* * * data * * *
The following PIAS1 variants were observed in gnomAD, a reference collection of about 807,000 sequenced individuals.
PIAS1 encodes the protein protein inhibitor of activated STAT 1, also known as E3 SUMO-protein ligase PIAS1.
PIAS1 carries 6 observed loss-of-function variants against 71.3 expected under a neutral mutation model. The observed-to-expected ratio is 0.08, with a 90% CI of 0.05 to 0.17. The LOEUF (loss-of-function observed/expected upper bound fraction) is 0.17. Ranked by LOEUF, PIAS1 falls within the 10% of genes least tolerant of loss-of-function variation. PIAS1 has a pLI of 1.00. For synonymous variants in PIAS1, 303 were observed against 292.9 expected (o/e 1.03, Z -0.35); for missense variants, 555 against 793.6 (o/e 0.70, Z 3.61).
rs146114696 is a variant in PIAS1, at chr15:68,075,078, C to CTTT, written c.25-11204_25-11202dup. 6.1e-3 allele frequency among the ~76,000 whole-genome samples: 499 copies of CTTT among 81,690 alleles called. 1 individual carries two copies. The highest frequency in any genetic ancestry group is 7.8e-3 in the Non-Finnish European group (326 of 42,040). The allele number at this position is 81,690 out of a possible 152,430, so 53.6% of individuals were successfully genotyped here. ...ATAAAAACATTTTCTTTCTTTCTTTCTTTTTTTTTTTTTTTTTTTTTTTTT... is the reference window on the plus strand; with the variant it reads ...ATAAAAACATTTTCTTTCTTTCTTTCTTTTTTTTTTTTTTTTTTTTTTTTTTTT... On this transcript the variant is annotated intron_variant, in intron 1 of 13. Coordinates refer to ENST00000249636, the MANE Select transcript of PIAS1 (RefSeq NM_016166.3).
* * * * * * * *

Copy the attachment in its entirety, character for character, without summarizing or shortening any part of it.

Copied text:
The following PIAS1 variants were observed in gnomAD, a reference collection of about 807,000 sequenced individuals.
PIAS1 encodes the protein protein inhibitor of activated STAT 1, also known as E3 SUMO-protein ligase PIAS1.
PIAS1 carries 6 observed loss-of-function variants against 71.3 expected under a neutral mutation model. The observed-to-expected ratio is 0.08, with a 90% CI of 0.05 to 0.17. The LOEUF (loss-of-function observed/expected upper bound fraction) is 0.17. Ranked by LOEUF, PIAS1 falls within the 10% of genes least tolerant of loss-of-function variation. PIAS1 has a pLI of 1.00. For synonymous variants in PIAS1, 303 were observed against 292.9 expected (o/e 1.03, Z -0.35); for missense variants, 555 against 793.6 (o/e 0.70, Z 3.61).
rs146114696 is a variant in PIAS1, at chr15:68,075,078, C to CTTT, written c.25-11204_25-11202dup. 6.1e-3 allele frequency among the ~76,000 whole-genome samples: 499 copies of CTTT among 81,690 alleles called. 1 individual carries two copies. The highest frequency in any genetic ancestry group is 7.8e-3 in the Non-Finnish European group (326 of 42,040). The allele number at this position is 81,690 out of a possible 152,430, so 53.6% of individuals were successfully genotyped here. ...ATAAAAACATTTTCTTTCTTTCTTTCTTTTTTTTTTTTTTTTTTTTTTTTT... is the reference window on the plus strand; with the variant it reads ...ATAAAAACATTTTCTTTCTTTCTTTCTTTTTTTTTTTTTTTTTTTTTTTTTTTT... On this transcript the variant is annotated intron_variant, in intron 1 of 13. Coordinates refer to ENST00000249636, the MANE Select transcript of PIAS1 (RefSeq NM_016166.3).